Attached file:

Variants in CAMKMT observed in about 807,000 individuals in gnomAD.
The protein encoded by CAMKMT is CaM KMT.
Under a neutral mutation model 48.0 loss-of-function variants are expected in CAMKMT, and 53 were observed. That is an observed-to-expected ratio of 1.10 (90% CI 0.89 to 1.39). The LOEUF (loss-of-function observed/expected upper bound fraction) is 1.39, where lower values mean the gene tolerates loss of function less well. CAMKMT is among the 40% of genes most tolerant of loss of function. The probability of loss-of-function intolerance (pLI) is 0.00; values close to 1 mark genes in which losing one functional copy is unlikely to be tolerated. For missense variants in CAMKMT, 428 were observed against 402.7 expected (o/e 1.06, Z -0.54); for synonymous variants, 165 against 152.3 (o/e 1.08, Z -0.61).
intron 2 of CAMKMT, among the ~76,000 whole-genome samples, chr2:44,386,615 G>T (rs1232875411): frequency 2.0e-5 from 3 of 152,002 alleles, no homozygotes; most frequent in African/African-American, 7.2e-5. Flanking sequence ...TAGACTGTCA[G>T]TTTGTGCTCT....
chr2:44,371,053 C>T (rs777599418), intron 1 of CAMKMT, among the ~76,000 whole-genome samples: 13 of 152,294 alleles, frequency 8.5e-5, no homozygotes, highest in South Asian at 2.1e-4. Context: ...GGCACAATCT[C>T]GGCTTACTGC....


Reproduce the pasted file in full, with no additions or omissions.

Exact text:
Variants in CAMKMT observed in about 807,000 individuals in gnomAD.
The protein encoded by CAMKMT is CaM KMT.
Under a neutral mutation model 48.0 loss-of-function variants are expected in CAMKMT, and 53 were observed. That is an observed-to-expected ratio of 1.10 (90% CI 0.89 to 1.39). The LOEUF (loss-of-function observed/expected upper bound fraction) is 1.39, where lower values mean the gene tolerates loss of function less well. CAMKMT is among the 40% of genes most tolerant of loss of function. The probability of loss-of-function intolerance (pLI) is 0.00; values close to 1 mark genes in which losing one functional copy is unlikely to be tolerated. For missense variants in CAMKMT, 428 were observed against 402.7 expected (o/e 1.06, Z -0.54); for synonymous variants, 165 against 152.3 (o/e 1.08, Z -0.61).
intron 2 of CAMKMT, among the ~76,000 whole-genome samples, chr2:44,386,615 G>T (rs1232875411): frequency 2.0e-5 from 3 of 152,002 alleles, no homozygotes; most frequent in African/African-American, 7.2e-5. Flanking sequence ...TAGACTGTCA[G>T]TTTGTGCTCT....
chr2:44,371,053 C>T (rs777599418), intron 1 of CAMKMT, among the ~76,000 whole-genome samples: 13 of 152,294 alleles, frequency 8.5e-5, no homozygotes, highest in South Asian at 2.1e-4. Context: ...GGCACAATCT[C>T]GGCTTACTGC....